The evidence administered (see the statement of the witnesses [DI] – page 10 of the criminal investigation file, [CIR] – page 12 of the criminal investigation file, [MSV] – page 17 of the criminal investigation file, etc) confirmed that the three defendants uttered threats and insults, had a defiant and aggressive attitude, in the situation in which they had an ascendancy given by the disproportion of forces but also by the weapons they had on them, namely axe (the defendant Hoamea N.), wood (defendant [HC]) and a bat (defendant [HA].) [HA], an elderly who should have had a balanced conduct according to her capacity of mother of the three defendants, was the one who instigated her sons to commit the offence of assault with the purpose of intimidating the control authorities to check the provenience of wood, she maintained the conflict herself, too, she made threats with death, arson and violation of their wives, actions which were to be organized in a group by mobilizing own family, threats which were meant to create a strong fear to the injured parties, according to their own statements.

          Furthermore, it is hard to accept that a person who makes a complaint against three other people for committing the offence of threat,- beyond the circumstance that relative to the capacity in which the assaulted victim was at the time of the threat situated from legal point of view into the objective side of the complex offence of assault -, for the simple fact that stresses subsequently the condition in which he/ she was at the moment of the offence, it should be interpreted in the meaning that his/ her attitude is equal to an indirect retraction of the criminal complaint initially formulated.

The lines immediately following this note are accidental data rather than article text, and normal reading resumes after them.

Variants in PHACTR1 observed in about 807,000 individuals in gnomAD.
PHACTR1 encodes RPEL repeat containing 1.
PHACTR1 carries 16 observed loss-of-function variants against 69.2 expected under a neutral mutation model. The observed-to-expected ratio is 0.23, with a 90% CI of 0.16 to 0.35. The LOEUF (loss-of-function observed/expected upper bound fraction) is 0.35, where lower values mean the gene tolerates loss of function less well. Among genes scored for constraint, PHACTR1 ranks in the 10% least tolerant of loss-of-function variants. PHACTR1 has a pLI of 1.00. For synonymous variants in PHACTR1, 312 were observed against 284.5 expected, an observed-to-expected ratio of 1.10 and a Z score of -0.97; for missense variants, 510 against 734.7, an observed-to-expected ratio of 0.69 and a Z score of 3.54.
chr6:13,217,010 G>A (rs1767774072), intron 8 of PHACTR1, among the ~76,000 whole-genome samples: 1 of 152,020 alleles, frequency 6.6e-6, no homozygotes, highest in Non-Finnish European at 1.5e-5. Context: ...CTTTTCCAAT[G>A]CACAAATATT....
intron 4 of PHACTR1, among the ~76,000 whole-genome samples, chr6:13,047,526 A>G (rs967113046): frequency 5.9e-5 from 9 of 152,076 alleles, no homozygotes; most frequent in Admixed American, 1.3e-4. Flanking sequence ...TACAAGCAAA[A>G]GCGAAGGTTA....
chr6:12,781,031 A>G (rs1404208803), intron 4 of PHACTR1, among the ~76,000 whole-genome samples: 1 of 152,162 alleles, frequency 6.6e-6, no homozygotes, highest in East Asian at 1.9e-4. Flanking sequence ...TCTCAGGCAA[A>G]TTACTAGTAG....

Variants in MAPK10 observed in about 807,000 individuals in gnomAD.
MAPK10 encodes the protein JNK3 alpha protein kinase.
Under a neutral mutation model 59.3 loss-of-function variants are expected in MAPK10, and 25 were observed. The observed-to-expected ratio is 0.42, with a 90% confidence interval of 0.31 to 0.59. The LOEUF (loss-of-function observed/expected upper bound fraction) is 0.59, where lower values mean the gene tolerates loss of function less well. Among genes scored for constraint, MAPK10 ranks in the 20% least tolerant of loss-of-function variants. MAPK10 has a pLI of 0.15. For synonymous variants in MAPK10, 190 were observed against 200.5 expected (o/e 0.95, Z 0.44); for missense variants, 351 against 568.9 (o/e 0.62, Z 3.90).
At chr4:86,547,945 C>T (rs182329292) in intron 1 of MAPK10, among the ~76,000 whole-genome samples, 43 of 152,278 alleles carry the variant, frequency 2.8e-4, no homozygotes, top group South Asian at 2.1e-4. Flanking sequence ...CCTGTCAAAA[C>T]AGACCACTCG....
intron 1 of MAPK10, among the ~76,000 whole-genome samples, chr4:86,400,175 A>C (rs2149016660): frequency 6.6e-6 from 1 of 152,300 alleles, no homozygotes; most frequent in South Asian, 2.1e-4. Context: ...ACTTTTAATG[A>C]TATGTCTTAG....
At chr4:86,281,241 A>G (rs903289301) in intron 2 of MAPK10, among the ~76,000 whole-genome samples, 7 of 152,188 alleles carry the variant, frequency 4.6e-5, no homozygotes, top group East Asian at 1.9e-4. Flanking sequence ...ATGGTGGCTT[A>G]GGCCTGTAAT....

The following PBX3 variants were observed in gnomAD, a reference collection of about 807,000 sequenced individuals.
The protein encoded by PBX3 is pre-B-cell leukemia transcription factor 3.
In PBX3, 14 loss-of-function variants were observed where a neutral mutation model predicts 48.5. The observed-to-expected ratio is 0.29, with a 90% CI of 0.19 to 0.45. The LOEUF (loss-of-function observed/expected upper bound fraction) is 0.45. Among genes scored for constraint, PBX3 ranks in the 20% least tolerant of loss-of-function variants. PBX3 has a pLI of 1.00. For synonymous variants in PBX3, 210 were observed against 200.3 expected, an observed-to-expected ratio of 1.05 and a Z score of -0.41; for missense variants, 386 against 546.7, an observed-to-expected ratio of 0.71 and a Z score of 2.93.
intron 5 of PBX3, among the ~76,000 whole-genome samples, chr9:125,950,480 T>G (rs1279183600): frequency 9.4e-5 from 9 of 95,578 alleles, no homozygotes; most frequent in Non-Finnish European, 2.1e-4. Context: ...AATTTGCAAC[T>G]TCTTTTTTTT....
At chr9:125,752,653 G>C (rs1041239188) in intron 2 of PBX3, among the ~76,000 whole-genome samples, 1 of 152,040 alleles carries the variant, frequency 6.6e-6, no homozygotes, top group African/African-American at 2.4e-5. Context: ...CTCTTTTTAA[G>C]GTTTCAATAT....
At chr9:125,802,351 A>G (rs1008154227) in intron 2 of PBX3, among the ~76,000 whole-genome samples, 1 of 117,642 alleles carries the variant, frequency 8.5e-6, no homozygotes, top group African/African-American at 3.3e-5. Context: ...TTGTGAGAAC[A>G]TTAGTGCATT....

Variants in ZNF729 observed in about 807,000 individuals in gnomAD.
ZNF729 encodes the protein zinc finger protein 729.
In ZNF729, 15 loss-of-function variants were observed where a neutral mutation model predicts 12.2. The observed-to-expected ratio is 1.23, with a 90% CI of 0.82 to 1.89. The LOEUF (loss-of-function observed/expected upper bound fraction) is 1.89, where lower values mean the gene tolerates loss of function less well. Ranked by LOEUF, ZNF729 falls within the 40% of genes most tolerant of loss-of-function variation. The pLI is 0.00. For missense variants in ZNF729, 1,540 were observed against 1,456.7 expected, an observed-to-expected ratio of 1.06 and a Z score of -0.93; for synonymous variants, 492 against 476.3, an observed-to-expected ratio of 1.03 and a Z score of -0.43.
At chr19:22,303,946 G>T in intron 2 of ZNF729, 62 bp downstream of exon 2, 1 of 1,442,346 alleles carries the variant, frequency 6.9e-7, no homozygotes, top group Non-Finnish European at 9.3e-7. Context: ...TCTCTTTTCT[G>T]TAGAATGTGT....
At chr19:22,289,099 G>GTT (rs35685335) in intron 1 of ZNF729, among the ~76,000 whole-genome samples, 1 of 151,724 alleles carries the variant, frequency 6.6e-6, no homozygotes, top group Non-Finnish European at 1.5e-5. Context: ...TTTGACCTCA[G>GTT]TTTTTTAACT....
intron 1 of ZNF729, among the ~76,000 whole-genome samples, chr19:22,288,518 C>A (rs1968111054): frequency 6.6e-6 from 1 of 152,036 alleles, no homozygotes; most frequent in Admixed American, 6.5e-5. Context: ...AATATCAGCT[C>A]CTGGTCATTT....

The offence provided by art. 239 of Penal code is part of the title ‘Offences against authority’ and the passive subject of the offence is the state, namely the authority of the state of which the public servants who were on their duty have to enjoy when exercising their job duties. The person of the public servant represents an adjacent passive subject, not being relevant if he/ she felt threatened or not inside.

          On the other hand, from the documents of the file it is clearly noticed the reputation of the violent conduct of [H] family and from the fact that, although at the place of the incident many people were present, none of them, because of the fear the defendants instill, accepted to testify for the case, however, on the other hand, from the criminal records of the defendants [HC] and Hoamea N. which are on page 30 of the case, people who before arraignment, were sentenced by final decisions for having committed offences of violence, aggravated theft and aggravated theft of trees, the defendant [HC] was even sentenced for having committed the offence of rape, thus, accomplishing the actions of threat uttered by the three defendants was not at all difficult to anticipate and much less likely to create the assaulted victims, the fear that something bad of the kind uttered in the threats, would happen to them.” (Emphasis added)